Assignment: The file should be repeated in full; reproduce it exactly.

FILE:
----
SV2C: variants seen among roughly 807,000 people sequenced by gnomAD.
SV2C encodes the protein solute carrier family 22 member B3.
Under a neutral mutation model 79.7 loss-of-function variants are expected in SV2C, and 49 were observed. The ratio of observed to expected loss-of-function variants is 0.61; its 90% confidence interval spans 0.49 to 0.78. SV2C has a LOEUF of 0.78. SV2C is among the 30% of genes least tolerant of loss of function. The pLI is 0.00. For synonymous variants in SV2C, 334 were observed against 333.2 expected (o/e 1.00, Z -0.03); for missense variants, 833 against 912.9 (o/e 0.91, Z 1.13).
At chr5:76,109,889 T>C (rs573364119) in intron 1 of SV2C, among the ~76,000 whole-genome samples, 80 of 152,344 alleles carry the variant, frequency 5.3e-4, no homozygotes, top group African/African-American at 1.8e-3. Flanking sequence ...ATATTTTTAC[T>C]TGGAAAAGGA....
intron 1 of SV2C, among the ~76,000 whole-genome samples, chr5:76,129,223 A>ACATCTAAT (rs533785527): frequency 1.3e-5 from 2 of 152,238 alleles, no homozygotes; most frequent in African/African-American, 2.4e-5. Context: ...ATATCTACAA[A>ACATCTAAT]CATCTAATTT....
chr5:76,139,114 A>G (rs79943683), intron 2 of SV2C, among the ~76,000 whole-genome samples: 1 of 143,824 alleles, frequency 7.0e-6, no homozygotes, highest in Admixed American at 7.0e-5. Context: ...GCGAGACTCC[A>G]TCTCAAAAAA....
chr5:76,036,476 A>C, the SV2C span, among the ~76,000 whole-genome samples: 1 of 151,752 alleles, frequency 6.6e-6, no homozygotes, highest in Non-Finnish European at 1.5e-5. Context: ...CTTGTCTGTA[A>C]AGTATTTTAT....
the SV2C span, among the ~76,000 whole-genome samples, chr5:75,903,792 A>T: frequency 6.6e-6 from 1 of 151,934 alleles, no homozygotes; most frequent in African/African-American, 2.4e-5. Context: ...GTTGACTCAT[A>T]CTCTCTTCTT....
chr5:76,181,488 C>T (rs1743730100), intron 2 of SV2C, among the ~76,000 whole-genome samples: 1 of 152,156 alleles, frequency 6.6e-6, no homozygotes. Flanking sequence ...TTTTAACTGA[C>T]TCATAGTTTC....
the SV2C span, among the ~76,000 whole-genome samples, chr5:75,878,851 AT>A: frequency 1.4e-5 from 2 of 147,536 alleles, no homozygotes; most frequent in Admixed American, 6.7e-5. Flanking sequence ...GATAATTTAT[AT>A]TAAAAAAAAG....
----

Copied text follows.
SV2C: variants seen among roughly 807,000 people sequenced by gnomAD.
SV2C encodes the protein solute carrier family 22 member B3.
Under a neutral mutation model 79.7 loss-of-function variants are expected in SV2C, and 49 were observed. The ratio of observed to expected loss-of-function variants is 0.61; its 90% confidence interval spans 0.49 to 0.78. SV2C has a LOEUF of 0.78. SV2C is among the 30% of genes least tolerant of loss of function. The pLI is 0.00. For synonymous variants in SV2C, 334 were observed against 333.2 expected (o/e 1.00, Z -0.03); for missense variants, 833 against 912.9 (o/e 0.91, Z 1.13).
At chr5:76,109,889 T>C (rs573364119) in intron 1 of SV2C, among the ~76,000 whole-genome samples, 80 of 152,344 alleles carry the variant, frequency 5.3e-4, no homozygotes, top group African/African-American at 1.8e-3. Flanking sequence ...ATATTTTTAC[T>C]TGGAAAAGGA....
intron 1 of SV2C, among the ~76,000 whole-genome samples, chr5:76,129,223 A>ACATCTAAT (rs533785527): frequency 1.3e-5 from 2 of 152,238 alleles, no homozygotes; most frequent in African/African-American, 2.4e-5. Context: ...ATATCTACAA[A>ACATCTAAT]CATCTAATTT....
chr5:76,139,114 A>G (rs79943683), intron 2 of SV2C, among the ~76,000 whole-genome samples: 1 of 143,824 alleles, frequency 7.0e-6, no homozygotes, highest in Admixed American at 7.0e-5. Context: ...GCGAGACTCC[A>G]TCTCAAAAAA....
chr5:76,036,476 A>C, the SV2C span, among the ~76,000 whole-genome samples: 1 of 151,752 alleles, frequency 6.6e-6, no homozygotes, highest in Non-Finnish European at 1.5e-5. Context: ...CTTGTCTGTA[A>C]AGTATTTTAT....
the SV2C span, among the ~76,000 whole-genome samples, chr5:75,903,792 A>T: frequency 6.6e-6 from 1 of 151,934 alleles, no homozygotes; most frequent in African/African-American, 2.4e-5. Context: ...GTTGACTCAT[A>T]CTCTCTTCTT....
chr5:76,181,488 C>T (rs1743730100), intron 2 of SV2C, among the ~76,000 whole-genome samples: 1 of 152,156 alleles, frequency 6.6e-6, no homozygotes. Flanking sequence ...TTTTAACTGA[C>T]TCATAGTTTC....
the SV2C span, among the ~76,000 whole-genome samples, chr5:75,878,851 AT>A: frequency 1.4e-5 from 2 of 147,536 alleles, no homozygotes; most frequent in Admixed American, 6.7e-5. Flanking sequence ...GATAATTTAT[AT>A]TAAAAAAAAG....